Tommy Jarvis (Thom Mathews) returns to Crystal Lake to overcome his fears of Jason Voorhees (C.J. Graham) once and for all. He digs up Jason’s grave in order to destroy the corpse completely, except that a freak lightning storm revives Jason from the dead. While Jason continues his murderous rampage, Tommy struggles to convince the local sheriff (David Kagen) that the killer has returned.
When audiences responded negatively to Paramount’s new direction on the Friday the 13th films, the studio backed away immediately to safe territory. They hired writer/director Tom McLoughlin to make a sixth Friday film with pretty much one condition: however he arranged it, the film had to bring back Jason Voorhees as the villain. McLoughlin’s solution was to physically resurrect Jason as a now-supernatural undead monster. By drawing inspiration from the classic Universal Pictures monster movies McLoughlin set the franchise off in a more fantastic and outlandish direction. The strategy works well: Jason Lives is a wonderfully enjoyable and knowingly silly return to form after the wholly dreadful The New Beginning.
It is perhaps a sign that fewer viewers were paying attention by the time Friday the 13th hit its sixth film that no one seems confused or perplexed that the franchise suddenly went supernatural. It is a massive shift in its fictional universe, and it testament to McLoughlin’s screenplay that the change occurs without ever feeling entirely silly or unbelievable. Ultimately I suspect the dedicated audience’s desire to see Jason return outweighed any quibbles over how that happened.
It is a very self-aware screenplay, and knowingly played by the cast. A particular highlight is the local gravedigger, who complains what a terrible idea it is to dig Jason out of his grave and bemoans the poor taste of American teenagers. It is not a surprise to learn that one person watching Jason Lives in the cinema was Kevin Williamson, who a decade or so later took that self-awareness to new heights with his own horror film Scream. McLoughlin clearly understands his audience here, and as part of that understands the audience like Friday the 13th precisely because of its ‘Jason kills a bunch of over-sexed teenagers’ formula. This is a film sequel that gives it audience precisely what they want – and then adds self-referential humour and a car chase.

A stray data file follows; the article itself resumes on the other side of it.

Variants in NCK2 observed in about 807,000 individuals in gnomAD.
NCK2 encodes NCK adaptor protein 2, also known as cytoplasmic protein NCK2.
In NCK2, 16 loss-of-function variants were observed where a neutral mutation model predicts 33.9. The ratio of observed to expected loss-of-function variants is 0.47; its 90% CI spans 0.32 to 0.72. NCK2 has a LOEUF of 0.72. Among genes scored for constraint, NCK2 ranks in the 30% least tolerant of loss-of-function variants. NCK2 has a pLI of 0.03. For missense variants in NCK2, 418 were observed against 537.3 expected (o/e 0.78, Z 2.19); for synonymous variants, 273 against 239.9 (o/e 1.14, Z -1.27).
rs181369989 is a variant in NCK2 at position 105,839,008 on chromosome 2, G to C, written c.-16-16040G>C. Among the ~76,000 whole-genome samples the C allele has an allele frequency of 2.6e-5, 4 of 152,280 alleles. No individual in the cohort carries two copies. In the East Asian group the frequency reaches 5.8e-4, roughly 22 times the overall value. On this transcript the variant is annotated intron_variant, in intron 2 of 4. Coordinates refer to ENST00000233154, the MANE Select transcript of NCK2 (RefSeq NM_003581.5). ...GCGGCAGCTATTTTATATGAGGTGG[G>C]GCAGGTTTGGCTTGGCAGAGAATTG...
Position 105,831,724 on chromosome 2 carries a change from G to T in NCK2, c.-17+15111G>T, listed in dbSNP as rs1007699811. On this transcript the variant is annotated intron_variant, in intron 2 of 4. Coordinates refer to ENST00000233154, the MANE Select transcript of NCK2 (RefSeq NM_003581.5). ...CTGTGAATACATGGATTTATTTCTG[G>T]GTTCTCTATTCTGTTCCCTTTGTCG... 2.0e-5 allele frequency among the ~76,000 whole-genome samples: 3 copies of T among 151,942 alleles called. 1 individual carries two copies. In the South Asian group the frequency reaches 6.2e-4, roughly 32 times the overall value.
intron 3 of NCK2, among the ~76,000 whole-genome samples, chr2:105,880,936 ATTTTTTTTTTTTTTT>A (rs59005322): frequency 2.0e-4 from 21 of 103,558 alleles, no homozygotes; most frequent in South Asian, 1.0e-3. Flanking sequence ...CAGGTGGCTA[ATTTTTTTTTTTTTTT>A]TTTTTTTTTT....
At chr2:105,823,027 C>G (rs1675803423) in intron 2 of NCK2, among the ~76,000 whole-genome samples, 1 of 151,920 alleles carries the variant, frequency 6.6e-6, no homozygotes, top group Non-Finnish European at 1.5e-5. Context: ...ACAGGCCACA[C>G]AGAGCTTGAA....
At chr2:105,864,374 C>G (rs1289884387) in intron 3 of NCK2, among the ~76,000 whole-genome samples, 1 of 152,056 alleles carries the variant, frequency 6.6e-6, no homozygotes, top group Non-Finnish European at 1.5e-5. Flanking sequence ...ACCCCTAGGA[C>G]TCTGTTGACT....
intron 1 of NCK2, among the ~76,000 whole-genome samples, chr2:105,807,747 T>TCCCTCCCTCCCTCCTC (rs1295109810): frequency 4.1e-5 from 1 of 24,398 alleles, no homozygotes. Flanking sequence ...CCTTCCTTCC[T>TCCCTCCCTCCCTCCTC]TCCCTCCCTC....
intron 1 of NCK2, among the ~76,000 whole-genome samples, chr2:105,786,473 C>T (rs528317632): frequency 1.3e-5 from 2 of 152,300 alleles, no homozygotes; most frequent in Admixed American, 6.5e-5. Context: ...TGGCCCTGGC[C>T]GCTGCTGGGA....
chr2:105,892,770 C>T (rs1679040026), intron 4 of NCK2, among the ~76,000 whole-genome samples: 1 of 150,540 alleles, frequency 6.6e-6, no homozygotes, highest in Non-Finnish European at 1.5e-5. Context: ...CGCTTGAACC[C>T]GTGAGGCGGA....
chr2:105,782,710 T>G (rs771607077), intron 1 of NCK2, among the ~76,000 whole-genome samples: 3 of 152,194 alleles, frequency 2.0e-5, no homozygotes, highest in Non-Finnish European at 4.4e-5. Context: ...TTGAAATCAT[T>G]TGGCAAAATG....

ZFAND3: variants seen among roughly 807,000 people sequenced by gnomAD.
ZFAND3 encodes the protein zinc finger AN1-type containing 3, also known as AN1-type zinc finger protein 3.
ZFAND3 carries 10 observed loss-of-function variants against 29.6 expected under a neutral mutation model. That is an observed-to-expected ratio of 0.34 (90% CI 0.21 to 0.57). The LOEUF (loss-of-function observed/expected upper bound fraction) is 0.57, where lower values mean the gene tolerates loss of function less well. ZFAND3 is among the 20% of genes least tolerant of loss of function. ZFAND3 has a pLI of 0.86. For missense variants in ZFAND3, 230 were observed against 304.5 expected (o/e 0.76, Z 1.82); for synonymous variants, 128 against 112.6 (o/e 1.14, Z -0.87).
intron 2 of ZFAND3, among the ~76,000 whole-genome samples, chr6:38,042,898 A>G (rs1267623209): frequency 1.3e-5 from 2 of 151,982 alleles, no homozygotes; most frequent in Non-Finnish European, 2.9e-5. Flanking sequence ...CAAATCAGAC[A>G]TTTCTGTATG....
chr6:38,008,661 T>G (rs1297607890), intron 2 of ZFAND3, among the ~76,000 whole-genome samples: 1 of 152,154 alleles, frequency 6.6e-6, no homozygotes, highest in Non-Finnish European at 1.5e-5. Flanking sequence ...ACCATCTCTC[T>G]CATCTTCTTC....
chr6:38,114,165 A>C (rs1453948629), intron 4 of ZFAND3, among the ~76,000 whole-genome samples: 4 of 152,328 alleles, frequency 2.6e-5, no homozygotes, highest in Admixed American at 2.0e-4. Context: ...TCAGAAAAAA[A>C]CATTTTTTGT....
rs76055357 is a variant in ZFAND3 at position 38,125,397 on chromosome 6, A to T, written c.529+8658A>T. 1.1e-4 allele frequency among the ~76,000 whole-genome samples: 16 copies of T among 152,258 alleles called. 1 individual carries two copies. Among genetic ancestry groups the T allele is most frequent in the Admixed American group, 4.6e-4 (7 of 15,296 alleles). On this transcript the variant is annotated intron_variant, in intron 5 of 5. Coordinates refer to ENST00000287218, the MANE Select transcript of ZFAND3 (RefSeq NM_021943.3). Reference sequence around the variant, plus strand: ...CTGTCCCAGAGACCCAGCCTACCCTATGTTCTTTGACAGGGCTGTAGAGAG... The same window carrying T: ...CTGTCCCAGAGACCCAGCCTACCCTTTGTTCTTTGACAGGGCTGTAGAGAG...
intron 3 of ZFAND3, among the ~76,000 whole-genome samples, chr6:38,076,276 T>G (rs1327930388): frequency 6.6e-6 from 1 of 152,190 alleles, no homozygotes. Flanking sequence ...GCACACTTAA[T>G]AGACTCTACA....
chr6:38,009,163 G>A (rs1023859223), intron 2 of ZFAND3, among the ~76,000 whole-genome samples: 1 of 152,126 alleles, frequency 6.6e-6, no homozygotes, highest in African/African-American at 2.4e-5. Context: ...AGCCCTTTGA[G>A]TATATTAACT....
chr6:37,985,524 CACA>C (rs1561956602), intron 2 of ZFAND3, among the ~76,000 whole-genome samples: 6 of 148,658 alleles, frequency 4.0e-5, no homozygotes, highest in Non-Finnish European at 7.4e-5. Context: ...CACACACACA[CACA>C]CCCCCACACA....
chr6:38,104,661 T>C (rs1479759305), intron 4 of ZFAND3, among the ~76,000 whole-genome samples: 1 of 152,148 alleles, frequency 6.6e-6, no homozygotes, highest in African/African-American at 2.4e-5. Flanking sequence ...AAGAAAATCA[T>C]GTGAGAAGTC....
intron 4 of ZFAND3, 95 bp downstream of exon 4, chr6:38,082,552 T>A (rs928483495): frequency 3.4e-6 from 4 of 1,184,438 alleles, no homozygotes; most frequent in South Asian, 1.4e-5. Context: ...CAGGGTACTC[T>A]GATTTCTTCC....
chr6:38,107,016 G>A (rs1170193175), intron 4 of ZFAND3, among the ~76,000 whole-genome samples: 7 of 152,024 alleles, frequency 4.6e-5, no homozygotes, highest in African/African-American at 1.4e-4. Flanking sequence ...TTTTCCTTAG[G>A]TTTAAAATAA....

The film boasts a solid cast as well, particularly David Kagen as the local sheriff Mike Garris, Jennifer Cooke as his rebellious daughter Megan, and Thom Mathews as Tommy Jarvis – re-positioned from troubled teen to desperate romantic hero. Mathews replaces John Shepherd, who played the role in Part V but who declined to return. Each actor actually feels better suited to the kind of character they are asked to play.
One thing that really stands out in this film is the musical score by Harry Manfredini. His Herrmann-esque scores have been a stable of the franchise from the very beginning, and in this – his final score for Friday the 13th – he pulls out all of the stops to present something hugely effective and enjoyable.
It is important not to over-rate the film: it is, at the end of the day, a slasher film following a largely well-drawn and repetitive pattern. Within those parameters, however, McLoughlin presents a bold and inventive new direction as well as giving his audience the sort of gleeful carnage that they want to see. Along with the 1980 original and The Final Chapter, this is one of the Friday the 13th highlights.